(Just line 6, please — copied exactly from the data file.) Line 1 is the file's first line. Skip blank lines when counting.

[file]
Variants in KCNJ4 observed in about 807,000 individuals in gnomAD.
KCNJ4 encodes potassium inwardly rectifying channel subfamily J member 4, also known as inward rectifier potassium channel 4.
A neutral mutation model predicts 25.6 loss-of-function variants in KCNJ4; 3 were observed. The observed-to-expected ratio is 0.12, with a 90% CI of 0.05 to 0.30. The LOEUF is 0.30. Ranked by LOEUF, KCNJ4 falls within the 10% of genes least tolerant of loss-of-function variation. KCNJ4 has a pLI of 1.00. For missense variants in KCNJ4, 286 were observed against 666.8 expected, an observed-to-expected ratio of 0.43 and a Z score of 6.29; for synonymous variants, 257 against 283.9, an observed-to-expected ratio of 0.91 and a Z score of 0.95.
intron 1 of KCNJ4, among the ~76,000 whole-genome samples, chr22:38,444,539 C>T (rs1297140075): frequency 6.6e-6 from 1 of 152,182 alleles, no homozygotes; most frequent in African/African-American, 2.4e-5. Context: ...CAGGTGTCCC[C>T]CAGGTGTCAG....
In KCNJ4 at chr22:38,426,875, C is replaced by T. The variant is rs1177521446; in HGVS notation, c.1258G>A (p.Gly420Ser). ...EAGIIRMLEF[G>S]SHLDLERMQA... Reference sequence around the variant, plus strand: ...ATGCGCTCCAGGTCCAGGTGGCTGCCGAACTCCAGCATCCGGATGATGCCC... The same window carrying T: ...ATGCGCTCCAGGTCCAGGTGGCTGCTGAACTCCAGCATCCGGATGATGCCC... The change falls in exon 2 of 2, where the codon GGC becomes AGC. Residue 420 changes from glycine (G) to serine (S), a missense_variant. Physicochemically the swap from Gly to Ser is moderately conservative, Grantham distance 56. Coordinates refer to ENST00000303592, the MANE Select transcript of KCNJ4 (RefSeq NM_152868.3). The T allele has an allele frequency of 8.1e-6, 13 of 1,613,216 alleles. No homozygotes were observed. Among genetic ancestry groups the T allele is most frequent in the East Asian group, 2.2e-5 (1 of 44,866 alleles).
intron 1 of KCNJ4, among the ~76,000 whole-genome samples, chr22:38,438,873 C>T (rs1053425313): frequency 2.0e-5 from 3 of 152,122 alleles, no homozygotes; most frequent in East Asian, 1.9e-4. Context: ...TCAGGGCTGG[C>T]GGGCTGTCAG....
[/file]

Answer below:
intron 1 of KCNJ4, among the ~76,000 whole-genome samples, chr22:38,438,873 C>T (rs1053425313): frequency 2.0e-5 from 3 of 152,122 alleles, no homozygotes; most frequent in East Asian, 1.9e-4. Context: ...TCAGGGCTGG[C>T]GGGCTGTCAG....